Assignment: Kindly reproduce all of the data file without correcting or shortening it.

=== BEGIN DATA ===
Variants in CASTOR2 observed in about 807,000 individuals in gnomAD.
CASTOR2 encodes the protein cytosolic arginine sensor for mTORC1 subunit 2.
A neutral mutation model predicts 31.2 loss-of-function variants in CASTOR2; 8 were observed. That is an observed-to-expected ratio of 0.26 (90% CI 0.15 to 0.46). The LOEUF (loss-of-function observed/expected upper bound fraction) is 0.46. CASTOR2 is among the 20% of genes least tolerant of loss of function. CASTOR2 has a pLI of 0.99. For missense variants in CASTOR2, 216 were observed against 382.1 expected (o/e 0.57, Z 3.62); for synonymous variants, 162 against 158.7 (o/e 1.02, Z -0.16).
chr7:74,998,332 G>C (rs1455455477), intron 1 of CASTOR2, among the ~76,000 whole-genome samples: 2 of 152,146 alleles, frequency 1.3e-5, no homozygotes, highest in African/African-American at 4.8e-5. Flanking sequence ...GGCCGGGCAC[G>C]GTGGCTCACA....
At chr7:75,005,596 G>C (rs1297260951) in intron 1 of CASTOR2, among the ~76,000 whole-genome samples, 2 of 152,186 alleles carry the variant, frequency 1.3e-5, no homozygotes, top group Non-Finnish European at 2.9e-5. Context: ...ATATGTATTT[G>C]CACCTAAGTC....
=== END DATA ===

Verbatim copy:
Variants in CASTOR2 observed in about 807,000 individuals in gnomAD.
CASTOR2 encodes the protein cytosolic arginine sensor for mTORC1 subunit 2.
A neutral mutation model predicts 31.2 loss-of-function variants in CASTOR2; 8 were observed. That is an observed-to-expected ratio of 0.26 (90% CI 0.15 to 0.46). The LOEUF (loss-of-function observed/expected upper bound fraction) is 0.46. CASTOR2 is among the 20% of genes least tolerant of loss of function. CASTOR2 has a pLI of 0.99. For missense variants in CASTOR2, 216 were observed against 382.1 expected (o/e 0.57, Z 3.62); for synonymous variants, 162 against 158.7 (o/e 1.02, Z -0.16).
chr7:74,998,332 G>C (rs1455455477), intron 1 of CASTOR2, among the ~76,000 whole-genome samples: 2 of 152,146 alleles, frequency 1.3e-5, no homozygotes, highest in African/African-American at 4.8e-5. Flanking sequence ...GGCCGGGCAC[G>C]GTGGCTCACA....
At chr7:75,005,596 G>C (rs1297260951) in intron 1 of CASTOR2, among the ~76,000 whole-genome samples, 2 of 152,186 alleles carry the variant, frequency 1.3e-5, no homozygotes, top group Non-Finnish European at 2.9e-5. Context: ...ATATGTATTT[G>C]CACCTAAGTC....